Alan Greenberg first showed up at Herzog's Munich home at age twenty-four. At the end of their evening together Herzog urged Greenberg to work with him on his film Heart of Glass—and everything thereafter. He clinched his plea by assuring the young American that "On the outside we’ll look like gangsters, while on the inside we’ll wear the gowns of priests."
What Greenberg didn’t know at the time was how unusual Herzog’s filmmaking methods could be. In Heart of Glass, Herzog exercised control over his actors in a unique way: he hypnotized them before shooting their scenes. The result was one of the most haunting movies ever made.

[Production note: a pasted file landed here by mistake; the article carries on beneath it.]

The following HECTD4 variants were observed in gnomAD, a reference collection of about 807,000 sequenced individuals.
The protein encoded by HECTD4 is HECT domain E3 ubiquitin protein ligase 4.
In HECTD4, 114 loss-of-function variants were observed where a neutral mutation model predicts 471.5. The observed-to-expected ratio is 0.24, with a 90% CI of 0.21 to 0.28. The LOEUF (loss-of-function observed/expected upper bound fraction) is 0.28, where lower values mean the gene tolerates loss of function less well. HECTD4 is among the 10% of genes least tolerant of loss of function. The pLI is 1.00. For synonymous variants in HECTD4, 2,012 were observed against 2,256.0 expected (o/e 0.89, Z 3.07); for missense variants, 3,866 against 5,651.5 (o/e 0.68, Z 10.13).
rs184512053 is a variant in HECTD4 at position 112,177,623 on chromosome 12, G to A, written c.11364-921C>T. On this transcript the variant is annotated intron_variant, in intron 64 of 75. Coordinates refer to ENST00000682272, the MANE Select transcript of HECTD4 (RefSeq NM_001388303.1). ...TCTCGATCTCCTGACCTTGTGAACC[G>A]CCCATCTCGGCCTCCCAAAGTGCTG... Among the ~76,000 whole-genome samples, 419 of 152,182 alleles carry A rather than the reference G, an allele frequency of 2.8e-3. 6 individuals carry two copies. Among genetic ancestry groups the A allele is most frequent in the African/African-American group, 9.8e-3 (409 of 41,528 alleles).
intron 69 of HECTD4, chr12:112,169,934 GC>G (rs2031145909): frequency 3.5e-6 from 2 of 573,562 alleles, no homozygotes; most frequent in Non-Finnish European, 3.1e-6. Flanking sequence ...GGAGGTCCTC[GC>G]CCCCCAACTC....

Not since Lillian Ross’s classic 1950 book Picture, about John Huston directing The Red Badge of Courage, has an American writer given such a close, firsthand, book-length account of how a director makes a movie. But Every Night the Trees Disappear is not a conventional, journalistic account; instead it presents a unique vision with the feel of a novel—intimate, penetrating, and filled with mystery.